Auto Draft

Wild plants may be resistant to herbicides.

Credit Xiao Yang
A technique of genetic modification widely used to make crops herbicide resistant has been shown to confer advantages on an invasive form of rice even in the absence of herbicide. These results suggest that such modifications could have a wide variety of impacts that extend beyond farms and into the wild.

There are many kinds of crops are genetically modified to resist the glyphosate. ラウンドアップ Roundup was the first herbicide to be sold. This makes it possible for farmers to eliminate most herbicides from their fields, without causing harm to their crops.

Glyphosate hinders growth of plants through blocking an enzyme, known as EPSP synthase. It is responsible for the production of specific amino acids as well as other molecules that comprise approximately 35% of a plant’s mass. The genetic modification method used in Roundup Ready crops by Monsanto (based in St Louis in Missouri) is the process of inserting genes into a crop to increase EPSP synthase’s output. Genes are usually derived from bacteria that infect crops.

This additional EPSP synthase enables plants to resist the effects of glyphosate. Biotechnology laboratories are trying to utilize genes from plants instead of bacteria to boost EPSP synthase. This is due to the fact that the US law allows approval by the regulatory authorities to allow organisms with transgenes to be approved.

Few studies have tested whether transgenes , such as those that confer glyphosate resistance are able to — once they become wild or weedy relatives via cross-pollination -make plants more competitive for survival and reproduction. Norman Ellstrand, a University of California plant geneticist states that without competition, any kind of transgene could be expected to cause disadvantages on wild plants. The extra machinery would decrease fitness. Lu Baorong (an ecologist at Fudan University, Shanghai) has now challenged that view. ラウンドアップ It has shown that glyphosate resistance can give significant benefits to fitness for the weedy rice crop, called Oryza Sativa even when it is not used.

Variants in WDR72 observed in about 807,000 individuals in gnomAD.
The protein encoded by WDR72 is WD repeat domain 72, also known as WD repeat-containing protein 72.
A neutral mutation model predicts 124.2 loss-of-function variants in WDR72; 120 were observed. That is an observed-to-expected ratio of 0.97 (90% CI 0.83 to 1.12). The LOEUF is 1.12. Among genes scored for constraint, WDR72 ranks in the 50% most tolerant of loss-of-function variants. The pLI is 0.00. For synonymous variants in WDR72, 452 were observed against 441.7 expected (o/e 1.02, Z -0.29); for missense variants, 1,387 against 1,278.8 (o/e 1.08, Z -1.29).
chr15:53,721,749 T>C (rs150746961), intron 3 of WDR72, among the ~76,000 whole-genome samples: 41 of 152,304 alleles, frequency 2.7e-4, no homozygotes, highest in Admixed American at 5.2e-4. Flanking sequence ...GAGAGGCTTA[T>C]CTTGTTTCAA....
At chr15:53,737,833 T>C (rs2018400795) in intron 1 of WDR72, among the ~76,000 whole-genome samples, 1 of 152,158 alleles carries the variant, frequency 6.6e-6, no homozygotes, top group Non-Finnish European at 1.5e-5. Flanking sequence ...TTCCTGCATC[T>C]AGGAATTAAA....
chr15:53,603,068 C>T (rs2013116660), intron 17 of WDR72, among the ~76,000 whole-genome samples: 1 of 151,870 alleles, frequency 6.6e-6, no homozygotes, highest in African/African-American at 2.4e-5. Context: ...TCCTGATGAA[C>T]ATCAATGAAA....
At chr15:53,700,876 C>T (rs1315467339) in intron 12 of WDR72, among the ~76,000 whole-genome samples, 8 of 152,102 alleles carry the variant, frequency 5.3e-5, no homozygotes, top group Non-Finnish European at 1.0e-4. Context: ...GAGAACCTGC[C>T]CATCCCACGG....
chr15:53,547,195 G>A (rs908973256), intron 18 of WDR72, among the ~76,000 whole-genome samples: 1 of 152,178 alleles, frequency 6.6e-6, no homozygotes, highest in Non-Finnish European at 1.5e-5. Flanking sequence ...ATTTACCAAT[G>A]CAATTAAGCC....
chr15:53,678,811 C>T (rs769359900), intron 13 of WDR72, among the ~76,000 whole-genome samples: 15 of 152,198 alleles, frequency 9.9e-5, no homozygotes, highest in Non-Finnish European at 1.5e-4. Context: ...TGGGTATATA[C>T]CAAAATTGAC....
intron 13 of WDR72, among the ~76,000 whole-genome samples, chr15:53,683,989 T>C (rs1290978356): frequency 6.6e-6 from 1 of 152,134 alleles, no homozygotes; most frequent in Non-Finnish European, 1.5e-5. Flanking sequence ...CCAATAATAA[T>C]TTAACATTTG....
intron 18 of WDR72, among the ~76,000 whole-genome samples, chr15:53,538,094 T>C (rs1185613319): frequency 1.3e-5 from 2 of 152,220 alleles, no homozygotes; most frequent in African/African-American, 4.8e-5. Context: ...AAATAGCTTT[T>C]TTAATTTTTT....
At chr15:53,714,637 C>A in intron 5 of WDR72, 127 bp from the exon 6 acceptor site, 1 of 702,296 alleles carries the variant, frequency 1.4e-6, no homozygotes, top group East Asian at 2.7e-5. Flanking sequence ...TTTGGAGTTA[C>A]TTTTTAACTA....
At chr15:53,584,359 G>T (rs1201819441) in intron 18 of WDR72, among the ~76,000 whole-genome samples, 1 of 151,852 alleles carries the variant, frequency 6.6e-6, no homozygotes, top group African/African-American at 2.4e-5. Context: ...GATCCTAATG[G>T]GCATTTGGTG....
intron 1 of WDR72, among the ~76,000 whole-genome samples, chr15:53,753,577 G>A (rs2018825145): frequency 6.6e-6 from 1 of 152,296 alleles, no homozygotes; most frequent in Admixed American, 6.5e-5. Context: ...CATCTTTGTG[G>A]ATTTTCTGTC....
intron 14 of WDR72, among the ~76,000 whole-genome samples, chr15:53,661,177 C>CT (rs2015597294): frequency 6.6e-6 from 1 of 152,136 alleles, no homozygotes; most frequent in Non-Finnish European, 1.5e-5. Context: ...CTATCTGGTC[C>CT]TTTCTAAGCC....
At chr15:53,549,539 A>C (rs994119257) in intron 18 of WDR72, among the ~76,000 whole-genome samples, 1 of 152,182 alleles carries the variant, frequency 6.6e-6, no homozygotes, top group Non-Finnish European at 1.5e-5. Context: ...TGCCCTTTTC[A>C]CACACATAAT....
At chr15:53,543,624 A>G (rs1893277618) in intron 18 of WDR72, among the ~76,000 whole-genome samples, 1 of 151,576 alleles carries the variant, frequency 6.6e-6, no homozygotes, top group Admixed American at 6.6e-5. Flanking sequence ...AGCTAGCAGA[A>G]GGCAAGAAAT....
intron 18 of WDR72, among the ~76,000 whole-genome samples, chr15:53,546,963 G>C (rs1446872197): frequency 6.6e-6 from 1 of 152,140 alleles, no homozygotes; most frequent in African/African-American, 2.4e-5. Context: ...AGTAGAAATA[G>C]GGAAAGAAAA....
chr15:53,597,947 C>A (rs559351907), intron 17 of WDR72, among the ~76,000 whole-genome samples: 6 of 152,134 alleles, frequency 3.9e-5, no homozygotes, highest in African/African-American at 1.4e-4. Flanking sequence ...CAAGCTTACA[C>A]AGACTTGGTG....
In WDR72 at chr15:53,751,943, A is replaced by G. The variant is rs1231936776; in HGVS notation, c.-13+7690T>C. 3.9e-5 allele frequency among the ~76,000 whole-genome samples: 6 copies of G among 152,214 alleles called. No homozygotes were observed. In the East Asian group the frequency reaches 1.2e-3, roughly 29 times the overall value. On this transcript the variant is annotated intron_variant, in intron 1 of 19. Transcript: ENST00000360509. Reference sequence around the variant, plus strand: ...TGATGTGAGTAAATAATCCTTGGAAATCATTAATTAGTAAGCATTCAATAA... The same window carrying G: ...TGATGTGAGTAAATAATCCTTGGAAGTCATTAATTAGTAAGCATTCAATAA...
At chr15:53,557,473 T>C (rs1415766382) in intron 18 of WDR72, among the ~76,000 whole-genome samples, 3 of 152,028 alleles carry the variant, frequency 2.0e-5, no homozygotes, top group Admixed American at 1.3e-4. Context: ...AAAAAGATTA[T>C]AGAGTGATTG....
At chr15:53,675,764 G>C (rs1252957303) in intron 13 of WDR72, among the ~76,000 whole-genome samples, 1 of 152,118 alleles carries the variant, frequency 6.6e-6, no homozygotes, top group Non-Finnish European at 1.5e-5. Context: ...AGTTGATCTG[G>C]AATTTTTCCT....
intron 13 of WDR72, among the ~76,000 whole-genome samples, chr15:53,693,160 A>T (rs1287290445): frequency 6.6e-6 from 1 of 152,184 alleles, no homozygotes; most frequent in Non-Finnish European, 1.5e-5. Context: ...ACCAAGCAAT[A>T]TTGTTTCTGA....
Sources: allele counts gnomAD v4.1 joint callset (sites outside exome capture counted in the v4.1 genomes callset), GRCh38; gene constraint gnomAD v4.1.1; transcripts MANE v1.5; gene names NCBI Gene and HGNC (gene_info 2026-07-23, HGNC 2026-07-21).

Lu and his coworkers modified the cultivars of rice to make more EPSP synthase. They also crossed the modified rice with a weedy related. Their research was published in NewPhytologist 1.

The researchers then allowed the cross-bred offspring to breed with one another, resulting in second-generation hybrids genetically identical to one another except in the amount of copies of the gene encoding EPSP synthase. The hybrids that had more copies of the gene had a higher chance to make more tryptophan and have greater levels of enzymes over their counterparts that were not modified.

Researchers also discovered that transgenic hybrids produced 48-125percent more seeds per plant, and had higher photosynthesis rates and produced more shoots than non-transgenic ones.

Lu believes that making weedy invasive rice more competitive may make it harder for farmers to repair the damage caused by this pest.

Brian Ford Lloyd, a UK plant scientist, stated that the EPSP Synthase gene is able to get into wild rice species. This would threaten their genetic diversity, which is very crucial. “This is among the clearest instances of the extremely damaging effects of GM crops on the environment.”

ラウンドアップ The public has a perception that genetically engineered crops with extra copies or microorganisms genes are more secure than those with only the genes of their owners. Lu states that his study doesn’t support this view.

ラウンドアップ A few researchers believe this discovery needs to be reviewed in light of future regulation of crops that have been genetically modified. Ellstrand thinks that biosafety rules may be relaxed because we are able to have a great level of satisfaction from the two decades of genetic engineering. “But the research still shows that novel products require an in-depth evaluation.”